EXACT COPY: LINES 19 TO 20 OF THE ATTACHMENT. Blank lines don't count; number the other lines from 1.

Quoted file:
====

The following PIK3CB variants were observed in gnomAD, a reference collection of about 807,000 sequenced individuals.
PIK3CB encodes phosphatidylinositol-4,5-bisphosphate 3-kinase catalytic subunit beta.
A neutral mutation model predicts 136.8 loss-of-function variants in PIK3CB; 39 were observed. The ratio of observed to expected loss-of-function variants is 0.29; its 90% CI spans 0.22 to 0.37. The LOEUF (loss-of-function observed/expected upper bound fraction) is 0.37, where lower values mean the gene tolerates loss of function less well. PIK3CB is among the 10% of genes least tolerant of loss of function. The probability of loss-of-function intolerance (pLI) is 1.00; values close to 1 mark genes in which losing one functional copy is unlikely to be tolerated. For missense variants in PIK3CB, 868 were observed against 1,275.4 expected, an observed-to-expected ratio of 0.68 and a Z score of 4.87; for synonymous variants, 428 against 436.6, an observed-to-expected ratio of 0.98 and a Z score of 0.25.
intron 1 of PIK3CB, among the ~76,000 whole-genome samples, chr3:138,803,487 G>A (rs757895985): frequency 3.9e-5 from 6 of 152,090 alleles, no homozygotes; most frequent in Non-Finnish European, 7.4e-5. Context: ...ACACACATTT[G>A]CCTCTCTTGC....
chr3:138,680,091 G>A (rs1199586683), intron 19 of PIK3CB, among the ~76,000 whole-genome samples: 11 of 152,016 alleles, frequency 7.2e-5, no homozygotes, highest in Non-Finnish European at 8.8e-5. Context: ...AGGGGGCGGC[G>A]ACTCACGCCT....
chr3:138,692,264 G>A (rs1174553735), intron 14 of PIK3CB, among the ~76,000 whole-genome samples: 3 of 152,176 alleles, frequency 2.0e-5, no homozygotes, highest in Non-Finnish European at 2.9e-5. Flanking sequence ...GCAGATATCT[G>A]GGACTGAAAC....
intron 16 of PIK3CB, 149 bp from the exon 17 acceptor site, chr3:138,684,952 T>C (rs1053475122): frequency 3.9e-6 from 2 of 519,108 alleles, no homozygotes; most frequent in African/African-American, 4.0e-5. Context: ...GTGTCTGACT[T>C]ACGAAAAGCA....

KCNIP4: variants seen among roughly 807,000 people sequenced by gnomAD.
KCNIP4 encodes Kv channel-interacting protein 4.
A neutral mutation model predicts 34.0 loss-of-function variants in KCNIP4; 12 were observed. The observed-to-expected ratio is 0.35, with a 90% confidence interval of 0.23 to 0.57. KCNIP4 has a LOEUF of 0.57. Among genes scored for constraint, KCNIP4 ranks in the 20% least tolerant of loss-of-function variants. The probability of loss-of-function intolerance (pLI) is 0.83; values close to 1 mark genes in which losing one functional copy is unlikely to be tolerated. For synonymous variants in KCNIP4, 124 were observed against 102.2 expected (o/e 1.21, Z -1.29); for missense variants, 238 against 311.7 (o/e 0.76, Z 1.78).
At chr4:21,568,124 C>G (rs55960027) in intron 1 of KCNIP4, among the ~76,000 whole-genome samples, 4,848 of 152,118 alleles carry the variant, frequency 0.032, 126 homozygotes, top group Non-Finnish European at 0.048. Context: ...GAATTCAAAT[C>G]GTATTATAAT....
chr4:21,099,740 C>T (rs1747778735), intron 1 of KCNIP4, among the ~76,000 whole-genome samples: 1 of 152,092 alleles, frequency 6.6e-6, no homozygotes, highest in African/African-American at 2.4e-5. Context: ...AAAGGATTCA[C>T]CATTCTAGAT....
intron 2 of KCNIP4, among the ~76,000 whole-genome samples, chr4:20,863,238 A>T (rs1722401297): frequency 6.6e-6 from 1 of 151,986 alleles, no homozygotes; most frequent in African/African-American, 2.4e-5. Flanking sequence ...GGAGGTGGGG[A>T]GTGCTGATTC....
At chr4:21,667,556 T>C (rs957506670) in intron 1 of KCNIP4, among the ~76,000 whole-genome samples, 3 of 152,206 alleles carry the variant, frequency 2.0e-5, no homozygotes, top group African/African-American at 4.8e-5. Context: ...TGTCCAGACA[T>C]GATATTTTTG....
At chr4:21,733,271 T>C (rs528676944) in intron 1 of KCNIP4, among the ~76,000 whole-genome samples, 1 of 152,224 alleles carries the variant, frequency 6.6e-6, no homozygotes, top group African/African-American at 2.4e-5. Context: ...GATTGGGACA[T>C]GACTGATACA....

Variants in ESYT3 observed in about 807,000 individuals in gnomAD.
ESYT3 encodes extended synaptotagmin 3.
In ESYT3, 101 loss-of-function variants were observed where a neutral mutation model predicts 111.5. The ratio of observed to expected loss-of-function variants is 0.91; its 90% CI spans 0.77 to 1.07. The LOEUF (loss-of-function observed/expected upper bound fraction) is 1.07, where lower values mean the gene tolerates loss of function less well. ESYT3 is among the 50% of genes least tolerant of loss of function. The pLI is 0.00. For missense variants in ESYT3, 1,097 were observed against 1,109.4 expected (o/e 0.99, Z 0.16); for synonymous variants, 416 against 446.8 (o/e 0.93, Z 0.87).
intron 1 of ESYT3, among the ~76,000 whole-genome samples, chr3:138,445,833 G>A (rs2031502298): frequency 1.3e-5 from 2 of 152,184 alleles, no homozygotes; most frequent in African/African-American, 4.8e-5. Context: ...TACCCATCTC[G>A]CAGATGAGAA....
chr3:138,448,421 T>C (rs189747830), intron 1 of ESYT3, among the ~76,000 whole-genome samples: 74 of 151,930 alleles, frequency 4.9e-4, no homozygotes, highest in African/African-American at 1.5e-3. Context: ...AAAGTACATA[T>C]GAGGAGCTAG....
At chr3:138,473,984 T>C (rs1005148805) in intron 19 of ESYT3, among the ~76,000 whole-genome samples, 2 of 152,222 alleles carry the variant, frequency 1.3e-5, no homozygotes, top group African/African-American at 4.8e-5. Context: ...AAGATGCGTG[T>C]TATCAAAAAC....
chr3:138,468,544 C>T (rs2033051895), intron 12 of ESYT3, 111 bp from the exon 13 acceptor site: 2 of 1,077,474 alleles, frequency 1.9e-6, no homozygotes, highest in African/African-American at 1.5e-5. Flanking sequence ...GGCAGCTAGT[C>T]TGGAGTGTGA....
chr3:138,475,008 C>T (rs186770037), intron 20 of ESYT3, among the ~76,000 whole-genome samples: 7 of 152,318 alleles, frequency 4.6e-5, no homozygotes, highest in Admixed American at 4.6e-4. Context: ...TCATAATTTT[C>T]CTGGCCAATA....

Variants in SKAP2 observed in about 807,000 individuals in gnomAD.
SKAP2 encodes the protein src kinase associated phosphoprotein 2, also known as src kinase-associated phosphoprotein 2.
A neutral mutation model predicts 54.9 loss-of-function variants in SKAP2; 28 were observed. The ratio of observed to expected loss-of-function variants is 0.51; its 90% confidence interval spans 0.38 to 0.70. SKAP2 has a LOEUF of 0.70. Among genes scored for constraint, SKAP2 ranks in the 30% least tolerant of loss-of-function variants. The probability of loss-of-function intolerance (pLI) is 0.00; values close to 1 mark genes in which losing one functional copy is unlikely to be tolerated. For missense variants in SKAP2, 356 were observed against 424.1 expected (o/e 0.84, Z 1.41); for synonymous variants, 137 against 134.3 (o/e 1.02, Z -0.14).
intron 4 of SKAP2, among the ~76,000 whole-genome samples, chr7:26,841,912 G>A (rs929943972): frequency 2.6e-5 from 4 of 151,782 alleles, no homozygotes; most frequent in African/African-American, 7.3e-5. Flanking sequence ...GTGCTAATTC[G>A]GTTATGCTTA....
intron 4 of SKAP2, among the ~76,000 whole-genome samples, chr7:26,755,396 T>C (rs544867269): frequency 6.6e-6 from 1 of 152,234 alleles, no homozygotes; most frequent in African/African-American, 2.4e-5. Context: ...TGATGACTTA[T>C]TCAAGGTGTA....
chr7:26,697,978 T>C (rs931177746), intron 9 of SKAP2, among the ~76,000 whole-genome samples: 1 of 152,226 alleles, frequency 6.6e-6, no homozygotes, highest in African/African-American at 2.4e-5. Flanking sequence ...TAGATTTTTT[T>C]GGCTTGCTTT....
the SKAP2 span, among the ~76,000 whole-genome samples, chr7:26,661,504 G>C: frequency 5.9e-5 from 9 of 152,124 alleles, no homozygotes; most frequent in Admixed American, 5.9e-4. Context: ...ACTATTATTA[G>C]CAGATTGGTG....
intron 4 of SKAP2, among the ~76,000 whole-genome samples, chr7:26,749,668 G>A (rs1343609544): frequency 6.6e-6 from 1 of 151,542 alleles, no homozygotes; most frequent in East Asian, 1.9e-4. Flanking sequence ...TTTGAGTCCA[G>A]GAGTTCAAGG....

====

intron 1 of ESYT3, among the ~76,000 whole-genome samples, chr3:138,445,833 G>A (rs2031502298): frequency 1.3e-5 from 2 of 152,184 alleles, no homozygotes; most frequent in African/African-American, 4.8e-5. Context: ...TACCCATCTC[G>A]CAGATGAGAA....
chr3:138,448,421 T>C (rs189747830), intron 1 of ESYT3, among the ~76,000 whole-genome samples: 74 of 151,930 alleles, frequency 4.9e-4, no homozygotes, highest in African/African-American at 1.5e-3. Context: ...AAAGTACATA[T>C]GAGGAGCTAG....